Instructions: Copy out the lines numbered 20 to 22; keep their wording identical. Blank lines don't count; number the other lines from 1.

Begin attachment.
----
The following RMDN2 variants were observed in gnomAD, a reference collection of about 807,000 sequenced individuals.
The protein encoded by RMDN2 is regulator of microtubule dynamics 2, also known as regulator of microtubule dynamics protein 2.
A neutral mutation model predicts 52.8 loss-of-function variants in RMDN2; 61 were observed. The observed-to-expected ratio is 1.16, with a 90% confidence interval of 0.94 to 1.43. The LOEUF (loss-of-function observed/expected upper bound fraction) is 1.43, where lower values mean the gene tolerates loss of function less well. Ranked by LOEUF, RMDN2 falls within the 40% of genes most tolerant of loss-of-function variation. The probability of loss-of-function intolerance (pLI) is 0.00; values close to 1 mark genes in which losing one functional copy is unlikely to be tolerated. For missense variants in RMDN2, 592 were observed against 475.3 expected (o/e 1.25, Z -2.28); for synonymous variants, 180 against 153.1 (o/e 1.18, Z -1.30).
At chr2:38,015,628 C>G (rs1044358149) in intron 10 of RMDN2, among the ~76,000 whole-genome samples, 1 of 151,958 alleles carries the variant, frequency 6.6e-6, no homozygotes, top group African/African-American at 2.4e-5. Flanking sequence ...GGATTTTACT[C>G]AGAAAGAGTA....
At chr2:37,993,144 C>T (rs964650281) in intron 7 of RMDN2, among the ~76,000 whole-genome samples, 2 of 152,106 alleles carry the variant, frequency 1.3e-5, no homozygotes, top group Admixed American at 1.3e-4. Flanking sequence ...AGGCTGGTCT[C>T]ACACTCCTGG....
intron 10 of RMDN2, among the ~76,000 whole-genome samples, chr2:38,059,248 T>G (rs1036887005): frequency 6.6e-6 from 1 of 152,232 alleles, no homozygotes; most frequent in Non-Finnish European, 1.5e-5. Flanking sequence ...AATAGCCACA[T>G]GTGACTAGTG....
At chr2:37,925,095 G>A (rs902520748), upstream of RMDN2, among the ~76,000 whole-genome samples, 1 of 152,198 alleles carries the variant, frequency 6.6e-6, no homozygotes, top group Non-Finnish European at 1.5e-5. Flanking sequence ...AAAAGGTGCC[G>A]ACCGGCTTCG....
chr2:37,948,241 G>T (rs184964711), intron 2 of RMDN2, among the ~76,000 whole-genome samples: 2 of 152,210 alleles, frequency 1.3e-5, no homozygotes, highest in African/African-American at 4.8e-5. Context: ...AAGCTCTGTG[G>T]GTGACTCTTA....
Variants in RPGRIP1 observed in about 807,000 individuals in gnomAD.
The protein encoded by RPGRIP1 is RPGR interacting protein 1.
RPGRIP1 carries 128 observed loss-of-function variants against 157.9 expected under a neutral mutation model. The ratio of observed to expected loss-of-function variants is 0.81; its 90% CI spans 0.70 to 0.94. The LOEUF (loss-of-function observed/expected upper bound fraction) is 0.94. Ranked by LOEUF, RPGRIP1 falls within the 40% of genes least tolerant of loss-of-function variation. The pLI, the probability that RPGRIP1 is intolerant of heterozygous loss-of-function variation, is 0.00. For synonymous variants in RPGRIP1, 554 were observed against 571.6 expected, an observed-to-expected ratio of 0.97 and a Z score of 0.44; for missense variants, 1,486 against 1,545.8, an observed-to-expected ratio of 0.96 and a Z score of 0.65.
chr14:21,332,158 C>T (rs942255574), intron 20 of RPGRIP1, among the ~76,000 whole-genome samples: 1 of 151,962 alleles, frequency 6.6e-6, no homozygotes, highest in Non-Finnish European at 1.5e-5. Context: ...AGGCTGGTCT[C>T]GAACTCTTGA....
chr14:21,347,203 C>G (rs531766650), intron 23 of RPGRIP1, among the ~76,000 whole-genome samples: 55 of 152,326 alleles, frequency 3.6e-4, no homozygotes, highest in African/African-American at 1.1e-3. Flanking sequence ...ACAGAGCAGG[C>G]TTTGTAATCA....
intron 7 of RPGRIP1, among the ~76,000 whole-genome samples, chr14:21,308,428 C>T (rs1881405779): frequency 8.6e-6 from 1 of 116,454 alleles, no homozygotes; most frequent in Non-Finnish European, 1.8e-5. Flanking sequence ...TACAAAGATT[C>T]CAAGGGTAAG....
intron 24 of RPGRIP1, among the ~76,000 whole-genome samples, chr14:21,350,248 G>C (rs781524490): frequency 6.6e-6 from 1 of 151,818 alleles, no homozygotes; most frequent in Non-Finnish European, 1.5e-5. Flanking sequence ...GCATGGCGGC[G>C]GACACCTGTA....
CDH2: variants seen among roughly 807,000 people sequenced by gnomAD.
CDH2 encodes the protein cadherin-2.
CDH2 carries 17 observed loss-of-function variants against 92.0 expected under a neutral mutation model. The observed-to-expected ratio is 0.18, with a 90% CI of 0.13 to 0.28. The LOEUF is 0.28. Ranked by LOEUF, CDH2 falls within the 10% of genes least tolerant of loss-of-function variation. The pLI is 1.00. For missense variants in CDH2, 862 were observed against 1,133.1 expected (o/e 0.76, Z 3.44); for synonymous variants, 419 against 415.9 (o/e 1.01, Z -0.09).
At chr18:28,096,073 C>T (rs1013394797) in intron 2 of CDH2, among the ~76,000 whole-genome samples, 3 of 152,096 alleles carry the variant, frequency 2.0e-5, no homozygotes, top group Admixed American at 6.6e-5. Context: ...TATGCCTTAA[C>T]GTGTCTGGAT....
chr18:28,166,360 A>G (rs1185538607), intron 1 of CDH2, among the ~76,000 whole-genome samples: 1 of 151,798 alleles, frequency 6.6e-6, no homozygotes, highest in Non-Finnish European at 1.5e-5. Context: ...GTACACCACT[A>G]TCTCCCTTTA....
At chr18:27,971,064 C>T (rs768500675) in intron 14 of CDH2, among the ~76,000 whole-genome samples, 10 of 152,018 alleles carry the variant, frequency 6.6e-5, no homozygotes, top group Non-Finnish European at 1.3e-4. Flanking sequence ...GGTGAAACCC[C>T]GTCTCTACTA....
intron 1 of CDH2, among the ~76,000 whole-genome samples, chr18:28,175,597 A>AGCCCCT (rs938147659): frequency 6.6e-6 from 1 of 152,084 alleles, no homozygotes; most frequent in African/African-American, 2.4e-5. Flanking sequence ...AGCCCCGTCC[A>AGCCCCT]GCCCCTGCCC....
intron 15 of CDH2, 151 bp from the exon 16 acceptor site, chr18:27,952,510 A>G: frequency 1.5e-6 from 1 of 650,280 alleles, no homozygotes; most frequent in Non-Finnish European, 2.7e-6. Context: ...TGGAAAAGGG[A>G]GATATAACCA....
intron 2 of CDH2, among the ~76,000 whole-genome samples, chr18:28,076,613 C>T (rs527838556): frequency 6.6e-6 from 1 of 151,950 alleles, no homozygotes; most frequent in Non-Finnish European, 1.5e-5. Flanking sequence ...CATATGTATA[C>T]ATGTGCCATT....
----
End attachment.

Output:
chr18:28,166,360 A>G (rs1185538607), intron 1 of CDH2, among the ~76,000 whole-genome samples: 1 of 151,798 alleles, frequency 6.6e-6, no homozygotes, highest in Non-Finnish European at 1.5e-5. Context: ...GTACACCACT[A>G]TCTCCCTTTA....
At chr18:27,971,064 C>T (rs768500675) in intron 14 of CDH2, among the ~76,000 whole-genome samples, 10 of 152,018 alleles carry the variant, frequency 6.6e-5, no homozygotes, top group Non-Finnish European at 1.3e-4. Flanking sequence ...GGTGAAACCC[C>T]GTCTCTACTA....
intron 1 of CDH2, among the ~76,000 whole-genome samples, chr18:28,175,597 A>AGCCCCT (rs938147659): frequency 6.6e-6 from 1 of 152,084 alleles, no homozygotes; most frequent in African/African-American, 2.4e-5. Flanking sequence ...AGCCCCGTCC[A>AGCCCCT]GCCCCTGCCC....